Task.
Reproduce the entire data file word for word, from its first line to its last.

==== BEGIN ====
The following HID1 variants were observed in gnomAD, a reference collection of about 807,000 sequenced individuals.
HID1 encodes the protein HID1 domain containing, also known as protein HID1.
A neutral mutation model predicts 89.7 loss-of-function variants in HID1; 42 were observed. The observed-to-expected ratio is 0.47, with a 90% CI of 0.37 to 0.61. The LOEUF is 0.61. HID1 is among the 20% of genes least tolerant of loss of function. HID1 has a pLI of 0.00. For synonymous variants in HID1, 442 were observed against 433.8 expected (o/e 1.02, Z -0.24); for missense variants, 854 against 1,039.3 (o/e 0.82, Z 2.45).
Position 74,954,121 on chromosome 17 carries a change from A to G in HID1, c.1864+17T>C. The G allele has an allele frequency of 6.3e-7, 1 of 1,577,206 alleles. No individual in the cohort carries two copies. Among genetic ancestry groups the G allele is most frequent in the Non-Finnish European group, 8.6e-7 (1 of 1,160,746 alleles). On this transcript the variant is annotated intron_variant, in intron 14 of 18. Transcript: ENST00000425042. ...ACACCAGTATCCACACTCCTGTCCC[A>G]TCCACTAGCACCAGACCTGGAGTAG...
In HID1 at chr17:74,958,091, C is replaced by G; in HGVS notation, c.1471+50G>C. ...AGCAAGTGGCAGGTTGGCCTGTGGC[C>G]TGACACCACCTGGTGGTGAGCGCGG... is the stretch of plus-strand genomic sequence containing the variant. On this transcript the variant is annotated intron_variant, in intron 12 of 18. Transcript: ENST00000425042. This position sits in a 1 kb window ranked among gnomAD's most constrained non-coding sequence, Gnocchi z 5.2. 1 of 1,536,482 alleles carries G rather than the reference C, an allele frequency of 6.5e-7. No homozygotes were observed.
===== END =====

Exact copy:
The following HID1 variants were observed in gnomAD, a reference collection of about 807,000 sequenced individuals.
HID1 encodes the protein HID1 domain containing, also known as protein HID1.
A neutral mutation model predicts 89.7 loss-of-function variants in HID1; 42 were observed. The observed-to-expected ratio is 0.47, with a 90% CI of 0.37 to 0.61. The LOEUF is 0.61. HID1 is among the 20% of genes least tolerant of loss of function. HID1 has a pLI of 0.00. For synonymous variants in HID1, 442 were observed against 433.8 expected (o/e 1.02, Z -0.24); for missense variants, 854 against 1,039.3 (o/e 0.82, Z 2.45).
Position 74,954,121 on chromosome 17 carries a change from A to G in HID1, c.1864+17T>C. The G allele has an allele frequency of 6.3e-7, 1 of 1,577,206 alleles. No individual in the cohort carries two copies. Among genetic ancestry groups the G allele is most frequent in the Non-Finnish European group, 8.6e-7 (1 of 1,160,746 alleles). On this transcript the variant is annotated intron_variant, in intron 14 of 18. Transcript: ENST00000425042. ...ACACCAGTATCCACACTCCTGTCCC[A>G]TCCACTAGCACCAGACCTGGAGTAG...
In HID1 at chr17:74,958,091, C is replaced by G; in HGVS notation, c.1471+50G>C. ...AGCAAGTGGCAGGTTGGCCTGTGGC[C>G]TGACACCACCTGGTGGTGAGCGCGG... is the stretch of plus-strand genomic sequence containing the variant. On this transcript the variant is annotated intron_variant, in intron 12 of 18. Transcript: ENST00000425042. This position sits in a 1 kb window ranked among gnomAD's most constrained non-coding sequence, Gnocchi z 5.2. 1 of 1,536,482 alleles carries G rather than the reference C, an allele frequency of 6.5e-7. No homozygotes were observed.